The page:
Either damages analysts or lawyers do not generally appreciate the notion of compensation forfeiture—but it could apply in many cases, according to attorney George Roach. It is not difficult or expensive to prove, and it can be piled on top of other remedies, he said during a recent webinar, Measuring Unjust Enrichment. He also pointed out that, in some cases, compensation forfeiture may end up being the only form of damages that can be proven with reasonable certainty.
Unfaithful servant: Compensation forfeiture is based on the doctrine that dishonest or disloyal employees or agents should not be compensated for any service after the wrongdoing first occurs. This is generally true even though the individual was not 100% corrupt. Any benefits the wrongdoer’s service triggered generally do not offset the amount of compensation to be disgorged. In other words, there’s no credit for any good deeds. However, the treatment of this matter varies by jurisdiction. In any event, Roach says it “represents an opportunity for a damages analyst sometimes to suggest an enhancement to the client’s claims that can be made at a small increase in professional fees.”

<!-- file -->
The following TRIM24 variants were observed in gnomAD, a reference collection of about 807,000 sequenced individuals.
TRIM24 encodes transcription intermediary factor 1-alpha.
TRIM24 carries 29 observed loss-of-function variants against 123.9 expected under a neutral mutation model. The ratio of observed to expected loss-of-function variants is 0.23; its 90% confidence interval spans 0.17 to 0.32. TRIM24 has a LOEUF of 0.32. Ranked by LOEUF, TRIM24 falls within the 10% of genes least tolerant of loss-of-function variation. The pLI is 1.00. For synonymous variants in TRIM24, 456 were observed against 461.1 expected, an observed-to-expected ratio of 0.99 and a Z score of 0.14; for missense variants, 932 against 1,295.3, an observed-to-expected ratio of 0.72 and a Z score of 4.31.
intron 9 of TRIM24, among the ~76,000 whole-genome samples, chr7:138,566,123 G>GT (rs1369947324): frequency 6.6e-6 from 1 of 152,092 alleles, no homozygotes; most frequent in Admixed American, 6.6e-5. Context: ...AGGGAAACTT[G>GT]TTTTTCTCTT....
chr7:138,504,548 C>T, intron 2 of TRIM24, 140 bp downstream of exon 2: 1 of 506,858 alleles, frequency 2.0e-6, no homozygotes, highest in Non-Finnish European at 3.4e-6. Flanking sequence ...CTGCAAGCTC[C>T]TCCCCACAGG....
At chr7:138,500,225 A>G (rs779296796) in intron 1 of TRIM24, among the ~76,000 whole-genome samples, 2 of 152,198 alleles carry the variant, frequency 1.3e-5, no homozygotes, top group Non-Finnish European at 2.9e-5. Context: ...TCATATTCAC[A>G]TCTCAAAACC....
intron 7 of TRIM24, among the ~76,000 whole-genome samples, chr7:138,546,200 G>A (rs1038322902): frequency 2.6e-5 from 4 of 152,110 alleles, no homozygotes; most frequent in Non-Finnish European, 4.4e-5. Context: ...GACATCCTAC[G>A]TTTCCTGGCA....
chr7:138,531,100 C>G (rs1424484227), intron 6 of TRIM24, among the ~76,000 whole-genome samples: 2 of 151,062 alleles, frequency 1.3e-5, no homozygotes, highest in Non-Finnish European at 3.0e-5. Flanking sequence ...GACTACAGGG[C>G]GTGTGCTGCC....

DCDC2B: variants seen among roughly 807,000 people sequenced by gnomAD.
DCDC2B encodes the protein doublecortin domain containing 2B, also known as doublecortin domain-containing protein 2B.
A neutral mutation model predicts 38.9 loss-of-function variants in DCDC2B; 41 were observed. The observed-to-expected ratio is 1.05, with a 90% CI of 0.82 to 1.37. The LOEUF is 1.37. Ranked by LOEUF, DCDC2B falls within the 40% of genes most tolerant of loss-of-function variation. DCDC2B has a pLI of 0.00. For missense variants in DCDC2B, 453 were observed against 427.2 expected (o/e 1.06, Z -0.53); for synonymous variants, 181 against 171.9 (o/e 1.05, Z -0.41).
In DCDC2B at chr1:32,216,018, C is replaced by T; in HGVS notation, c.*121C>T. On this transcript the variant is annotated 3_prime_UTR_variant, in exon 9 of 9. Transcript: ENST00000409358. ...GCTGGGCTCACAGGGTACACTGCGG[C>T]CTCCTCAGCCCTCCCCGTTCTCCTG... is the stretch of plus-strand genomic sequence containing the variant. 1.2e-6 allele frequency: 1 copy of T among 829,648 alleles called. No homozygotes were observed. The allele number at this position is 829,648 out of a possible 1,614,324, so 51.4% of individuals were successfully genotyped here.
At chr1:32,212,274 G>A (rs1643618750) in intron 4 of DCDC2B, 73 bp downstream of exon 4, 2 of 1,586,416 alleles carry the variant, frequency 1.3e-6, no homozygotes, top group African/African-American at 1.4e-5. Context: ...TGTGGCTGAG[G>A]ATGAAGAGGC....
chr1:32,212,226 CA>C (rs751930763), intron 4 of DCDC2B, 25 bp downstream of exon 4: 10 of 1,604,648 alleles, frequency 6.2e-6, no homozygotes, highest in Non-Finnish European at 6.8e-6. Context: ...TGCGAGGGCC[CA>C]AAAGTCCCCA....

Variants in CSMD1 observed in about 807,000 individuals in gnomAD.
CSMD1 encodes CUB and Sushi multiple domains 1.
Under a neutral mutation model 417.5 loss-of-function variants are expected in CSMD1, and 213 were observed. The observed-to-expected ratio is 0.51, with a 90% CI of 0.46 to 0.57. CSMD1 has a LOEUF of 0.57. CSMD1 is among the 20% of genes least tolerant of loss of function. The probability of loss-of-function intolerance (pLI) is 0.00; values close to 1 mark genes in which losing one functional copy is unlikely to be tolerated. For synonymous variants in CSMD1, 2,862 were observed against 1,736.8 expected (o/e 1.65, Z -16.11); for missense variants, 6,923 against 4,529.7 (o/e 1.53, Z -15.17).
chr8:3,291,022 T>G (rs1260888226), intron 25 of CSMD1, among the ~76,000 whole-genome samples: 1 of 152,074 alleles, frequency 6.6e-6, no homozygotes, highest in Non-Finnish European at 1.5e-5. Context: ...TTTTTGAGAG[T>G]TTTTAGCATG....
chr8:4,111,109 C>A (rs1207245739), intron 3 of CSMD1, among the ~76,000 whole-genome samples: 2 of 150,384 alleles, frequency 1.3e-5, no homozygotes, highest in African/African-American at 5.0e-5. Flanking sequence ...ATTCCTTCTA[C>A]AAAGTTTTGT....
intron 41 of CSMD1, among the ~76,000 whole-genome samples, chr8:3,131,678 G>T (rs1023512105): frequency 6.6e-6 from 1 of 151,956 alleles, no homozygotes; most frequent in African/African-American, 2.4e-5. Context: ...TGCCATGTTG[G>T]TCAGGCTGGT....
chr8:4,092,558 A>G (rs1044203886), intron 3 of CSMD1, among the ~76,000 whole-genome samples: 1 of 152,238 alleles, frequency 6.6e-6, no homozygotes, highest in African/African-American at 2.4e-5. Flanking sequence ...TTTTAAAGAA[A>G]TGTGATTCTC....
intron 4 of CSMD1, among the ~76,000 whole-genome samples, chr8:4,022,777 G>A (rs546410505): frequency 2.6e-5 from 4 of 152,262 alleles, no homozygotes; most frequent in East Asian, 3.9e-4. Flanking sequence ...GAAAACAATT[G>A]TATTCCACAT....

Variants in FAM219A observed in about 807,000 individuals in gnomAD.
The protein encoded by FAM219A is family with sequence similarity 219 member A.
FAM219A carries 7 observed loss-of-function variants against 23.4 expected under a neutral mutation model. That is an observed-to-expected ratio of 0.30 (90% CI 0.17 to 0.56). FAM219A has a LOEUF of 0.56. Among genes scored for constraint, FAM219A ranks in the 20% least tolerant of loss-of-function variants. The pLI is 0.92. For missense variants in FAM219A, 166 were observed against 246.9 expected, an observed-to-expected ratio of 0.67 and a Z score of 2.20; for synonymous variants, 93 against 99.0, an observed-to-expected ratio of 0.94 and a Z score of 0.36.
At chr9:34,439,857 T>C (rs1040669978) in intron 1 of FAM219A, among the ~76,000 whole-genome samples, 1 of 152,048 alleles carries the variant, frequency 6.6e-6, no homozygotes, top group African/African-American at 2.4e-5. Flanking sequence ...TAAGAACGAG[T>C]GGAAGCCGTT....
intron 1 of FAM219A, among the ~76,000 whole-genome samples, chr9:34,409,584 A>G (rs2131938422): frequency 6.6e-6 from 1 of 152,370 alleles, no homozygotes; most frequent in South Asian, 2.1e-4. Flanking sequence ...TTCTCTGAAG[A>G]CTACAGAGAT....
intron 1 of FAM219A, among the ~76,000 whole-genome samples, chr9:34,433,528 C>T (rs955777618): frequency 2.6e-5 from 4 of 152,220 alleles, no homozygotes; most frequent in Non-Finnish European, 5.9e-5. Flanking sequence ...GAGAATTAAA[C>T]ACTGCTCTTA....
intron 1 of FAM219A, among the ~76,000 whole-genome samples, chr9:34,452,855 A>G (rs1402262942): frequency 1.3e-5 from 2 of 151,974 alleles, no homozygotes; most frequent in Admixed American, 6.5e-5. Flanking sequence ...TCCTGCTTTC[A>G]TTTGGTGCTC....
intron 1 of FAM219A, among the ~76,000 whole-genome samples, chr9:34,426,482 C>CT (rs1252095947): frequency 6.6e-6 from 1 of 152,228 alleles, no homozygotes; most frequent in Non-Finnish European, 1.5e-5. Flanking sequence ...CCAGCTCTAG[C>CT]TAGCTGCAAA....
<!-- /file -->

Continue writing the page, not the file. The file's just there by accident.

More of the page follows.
Extra: Roach contributed three chapters to the newest edition of The Comprehensive Guide to Economic Damages, available here.
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